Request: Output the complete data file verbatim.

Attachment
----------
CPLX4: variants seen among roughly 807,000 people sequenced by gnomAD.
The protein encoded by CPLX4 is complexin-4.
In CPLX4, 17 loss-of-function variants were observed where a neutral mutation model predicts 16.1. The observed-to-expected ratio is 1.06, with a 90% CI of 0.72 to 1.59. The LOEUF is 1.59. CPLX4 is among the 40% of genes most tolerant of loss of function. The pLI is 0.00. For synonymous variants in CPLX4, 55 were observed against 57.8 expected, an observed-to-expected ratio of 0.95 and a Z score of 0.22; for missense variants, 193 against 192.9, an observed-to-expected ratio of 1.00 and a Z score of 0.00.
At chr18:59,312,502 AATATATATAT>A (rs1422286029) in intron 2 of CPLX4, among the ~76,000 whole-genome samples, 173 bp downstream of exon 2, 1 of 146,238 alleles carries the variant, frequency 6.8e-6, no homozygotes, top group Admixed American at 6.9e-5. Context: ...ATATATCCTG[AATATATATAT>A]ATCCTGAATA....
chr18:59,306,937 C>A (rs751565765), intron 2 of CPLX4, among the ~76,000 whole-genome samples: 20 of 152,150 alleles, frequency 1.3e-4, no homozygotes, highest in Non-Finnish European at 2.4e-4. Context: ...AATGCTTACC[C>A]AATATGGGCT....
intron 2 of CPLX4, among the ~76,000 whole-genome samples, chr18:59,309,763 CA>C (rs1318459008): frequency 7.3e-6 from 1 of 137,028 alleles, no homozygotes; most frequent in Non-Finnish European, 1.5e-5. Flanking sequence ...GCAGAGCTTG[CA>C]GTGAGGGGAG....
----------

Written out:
CPLX4: variants seen among roughly 807,000 people sequenced by gnomAD.
The protein encoded by CPLX4 is complexin-4.
In CPLX4, 17 loss-of-function variants were observed where a neutral mutation model predicts 16.1. The observed-to-expected ratio is 1.06, with a 90% CI of 0.72 to 1.59. The LOEUF is 1.59. CPLX4 is among the 40% of genes most tolerant of loss of function. The pLI is 0.00. For synonymous variants in CPLX4, 55 were observed against 57.8 expected, an observed-to-expected ratio of 0.95 and a Z score of 0.22; for missense variants, 193 against 192.9, an observed-to-expected ratio of 1.00 and a Z score of 0.00.
At chr18:59,312,502 AATATATATAT>A (rs1422286029) in intron 2 of CPLX4, among the ~76,000 whole-genome samples, 173 bp downstream of exon 2, 1 of 146,238 alleles carries the variant, frequency 6.8e-6, no homozygotes, top group Admixed American at 6.9e-5. Context: ...ATATATCCTG[AATATATATAT>A]ATCCTGAATA....
chr18:59,306,937 C>A (rs751565765), intron 2 of CPLX4, among the ~76,000 whole-genome samples: 20 of 152,150 alleles, frequency 1.3e-4, no homozygotes, highest in Non-Finnish European at 2.4e-4. Context: ...AATGCTTACC[C>A]AATATGGGCT....
intron 2 of CPLX4, among the ~76,000 whole-genome samples, chr18:59,309,763 CA>C (rs1318459008): frequency 7.3e-6 from 1 of 137,028 alleles, no homozygotes; most frequent in Non-Finnish European, 1.5e-5. Flanking sequence ...GCAGAGCTTG[CA>C]GTGAGGGGAG....